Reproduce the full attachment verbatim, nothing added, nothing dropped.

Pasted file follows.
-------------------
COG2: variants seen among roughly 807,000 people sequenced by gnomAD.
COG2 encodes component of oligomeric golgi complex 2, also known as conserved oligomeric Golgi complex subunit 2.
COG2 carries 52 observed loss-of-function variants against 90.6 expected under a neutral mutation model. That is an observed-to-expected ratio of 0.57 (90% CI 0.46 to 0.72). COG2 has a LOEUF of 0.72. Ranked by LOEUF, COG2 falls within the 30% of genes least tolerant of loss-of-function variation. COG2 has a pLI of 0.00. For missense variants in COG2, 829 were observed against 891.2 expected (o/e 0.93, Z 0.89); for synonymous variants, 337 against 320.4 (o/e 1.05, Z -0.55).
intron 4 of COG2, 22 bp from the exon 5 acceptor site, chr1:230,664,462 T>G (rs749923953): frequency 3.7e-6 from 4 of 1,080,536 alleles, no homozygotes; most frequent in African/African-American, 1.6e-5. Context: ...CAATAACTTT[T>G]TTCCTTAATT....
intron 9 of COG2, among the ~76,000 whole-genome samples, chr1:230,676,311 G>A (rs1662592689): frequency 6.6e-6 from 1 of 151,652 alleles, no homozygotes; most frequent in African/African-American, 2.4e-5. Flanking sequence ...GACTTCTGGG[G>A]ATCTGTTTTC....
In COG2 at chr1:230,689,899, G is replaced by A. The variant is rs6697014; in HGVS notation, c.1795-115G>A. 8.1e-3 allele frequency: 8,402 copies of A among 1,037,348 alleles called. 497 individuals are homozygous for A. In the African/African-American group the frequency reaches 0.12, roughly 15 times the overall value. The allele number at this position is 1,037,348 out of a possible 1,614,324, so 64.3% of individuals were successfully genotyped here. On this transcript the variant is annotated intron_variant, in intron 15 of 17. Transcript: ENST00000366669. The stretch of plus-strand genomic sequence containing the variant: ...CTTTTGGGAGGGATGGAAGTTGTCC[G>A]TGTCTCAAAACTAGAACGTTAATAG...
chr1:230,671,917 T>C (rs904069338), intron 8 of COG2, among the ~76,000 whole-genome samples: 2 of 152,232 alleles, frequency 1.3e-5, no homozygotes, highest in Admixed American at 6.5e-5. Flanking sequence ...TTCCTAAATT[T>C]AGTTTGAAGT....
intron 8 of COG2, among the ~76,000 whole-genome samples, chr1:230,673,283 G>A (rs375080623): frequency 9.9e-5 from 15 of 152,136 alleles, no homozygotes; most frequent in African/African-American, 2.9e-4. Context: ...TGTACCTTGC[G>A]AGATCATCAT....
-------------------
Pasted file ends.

COG2: variants seen among roughly 807,000 people sequenced by gnomAD.
COG2 encodes component of oligomeric golgi complex 2, also known as conserved oligomeric Golgi complex subunit 2.
COG2 carries 52 observed loss-of-function variants against 90.6 expected under a neutral mutation model. That is an observed-to-expected ratio of 0.57 (90% CI 0.46 to 0.72). COG2 has a LOEUF of 0.72. Ranked by LOEUF, COG2 falls within the 30% of genes least tolerant of loss-of-function variation. COG2 has a pLI of 0.00. For missense variants in COG2, 829 were observed against 891.2 expected (o/e 0.93, Z 0.89); for synonymous variants, 337 against 320.4 (o/e 1.05, Z -0.55).
intron 4 of COG2, 22 bp from the exon 5 acceptor site, chr1:230,664,462 T>G (rs749923953): frequency 3.7e-6 from 4 of 1,080,536 alleles, no homozygotes; most frequent in African/African-American, 1.6e-5. Context: ...CAATAACTTT[T>G]TTCCTTAATT....
intron 9 of COG2, among the ~76,000 whole-genome samples, chr1:230,676,311 G>A (rs1662592689): frequency 6.6e-6 from 1 of 151,652 alleles, no homozygotes; most frequent in African/African-American, 2.4e-5. Flanking sequence ...GACTTCTGGG[G>A]ATCTGTTTTC....
In COG2 at chr1:230,689,899, G is replaced by A. The variant is rs6697014; in HGVS notation, c.1795-115G>A. 8.1e-3 allele frequency: 8,402 copies of A among 1,037,348 alleles called. 497 individuals are homozygous for A. In the African/African-American group the frequency reaches 0.12, roughly 15 times the overall value. The allele number at this position is 1,037,348 out of a possible 1,614,324, so 64.3% of individuals were successfully genotyped here. On this transcript the variant is annotated intron_variant, in intron 15 of 17. Transcript: ENST00000366669. The stretch of plus-strand genomic sequence containing the variant: ...CTTTTGGGAGGGATGGAAGTTGTCC[G>A]TGTCTCAAAACTAGAACGTTAATAG...
chr1:230,671,917 T>C (rs904069338), intron 8 of COG2, among the ~76,000 whole-genome samples: 2 of 152,232 alleles, frequency 1.3e-5, no homozygotes, highest in Admixed American at 6.5e-5. Flanking sequence ...TTCCTAAATT[T>C]AGTTTGAAGT....
intron 8 of COG2, among the ~76,000 whole-genome samples, chr1:230,673,283 G>A (rs375080623): frequency 9.9e-5 from 15 of 152,136 alleles, no homozygotes; most frequent in African/African-American, 2.9e-4. Context: ...TGTACCTTGC[G>A]AGATCATCAT....